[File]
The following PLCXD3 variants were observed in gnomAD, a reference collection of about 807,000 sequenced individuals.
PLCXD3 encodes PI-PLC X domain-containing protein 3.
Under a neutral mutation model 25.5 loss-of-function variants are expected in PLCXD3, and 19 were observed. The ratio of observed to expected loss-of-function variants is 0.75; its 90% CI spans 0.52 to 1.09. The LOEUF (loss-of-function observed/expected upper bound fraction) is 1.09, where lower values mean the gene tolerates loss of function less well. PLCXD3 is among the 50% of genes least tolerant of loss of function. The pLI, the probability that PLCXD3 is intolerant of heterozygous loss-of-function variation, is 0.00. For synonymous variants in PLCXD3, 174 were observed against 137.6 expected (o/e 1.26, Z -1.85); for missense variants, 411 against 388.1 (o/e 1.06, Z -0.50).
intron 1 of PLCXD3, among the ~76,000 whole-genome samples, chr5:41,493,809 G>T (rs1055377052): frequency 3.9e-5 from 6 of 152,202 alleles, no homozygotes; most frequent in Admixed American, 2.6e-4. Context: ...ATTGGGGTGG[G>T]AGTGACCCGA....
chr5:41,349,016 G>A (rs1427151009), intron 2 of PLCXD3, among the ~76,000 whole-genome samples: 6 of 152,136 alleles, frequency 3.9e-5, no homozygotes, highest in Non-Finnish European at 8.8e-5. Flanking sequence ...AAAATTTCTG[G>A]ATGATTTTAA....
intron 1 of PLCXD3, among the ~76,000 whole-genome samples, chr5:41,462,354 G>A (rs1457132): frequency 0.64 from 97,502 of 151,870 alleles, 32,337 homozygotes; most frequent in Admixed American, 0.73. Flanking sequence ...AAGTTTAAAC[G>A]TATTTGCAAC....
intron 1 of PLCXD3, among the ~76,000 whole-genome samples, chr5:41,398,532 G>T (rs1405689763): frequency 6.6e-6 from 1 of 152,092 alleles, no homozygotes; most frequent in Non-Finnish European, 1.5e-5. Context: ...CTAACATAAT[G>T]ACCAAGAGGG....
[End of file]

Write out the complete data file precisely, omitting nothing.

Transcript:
The following PLCXD3 variants were observed in gnomAD, a reference collection of about 807,000 sequenced individuals.
PLCXD3 encodes PI-PLC X domain-containing protein 3.
Under a neutral mutation model 25.5 loss-of-function variants are expected in PLCXD3, and 19 were observed. The ratio of observed to expected loss-of-function variants is 0.75; its 90% CI spans 0.52 to 1.09. The LOEUF (loss-of-function observed/expected upper bound fraction) is 1.09, where lower values mean the gene tolerates loss of function less well. PLCXD3 is among the 50% of genes least tolerant of loss of function. The pLI, the probability that PLCXD3 is intolerant of heterozygous loss-of-function variation, is 0.00. For synonymous variants in PLCXD3, 174 were observed against 137.6 expected (o/e 1.26, Z -1.85); for missense variants, 411 against 388.1 (o/e 1.06, Z -0.50).
intron 1 of PLCXD3, among the ~76,000 whole-genome samples, chr5:41,493,809 G>T (rs1055377052): frequency 3.9e-5 from 6 of 152,202 alleles, no homozygotes; most frequent in Admixed American, 2.6e-4. Context: ...ATTGGGGTGG[G>T]AGTGACCCGA....
chr5:41,349,016 G>A (rs1427151009), intron 2 of PLCXD3, among the ~76,000 whole-genome samples: 6 of 152,136 alleles, frequency 3.9e-5, no homozygotes, highest in Non-Finnish European at 8.8e-5. Flanking sequence ...AAAATTTCTG[G>A]ATGATTTTAA....
intron 1 of PLCXD3, among the ~76,000 whole-genome samples, chr5:41,462,354 G>A (rs1457132): frequency 0.64 from 97,502 of 151,870 alleles, 32,337 homozygotes; most frequent in Admixed American, 0.73. Flanking sequence ...AAGTTTAAAC[G>A]TATTTGCAAC....
intron 1 of PLCXD3, among the ~76,000 whole-genome samples, chr5:41,398,532 G>T (rs1405689763): frequency 6.6e-6 from 1 of 152,092 alleles, no homozygotes; most frequent in Non-Finnish European, 1.5e-5. Context: ...CTAACATAAT[G>T]ACCAAGAGGG....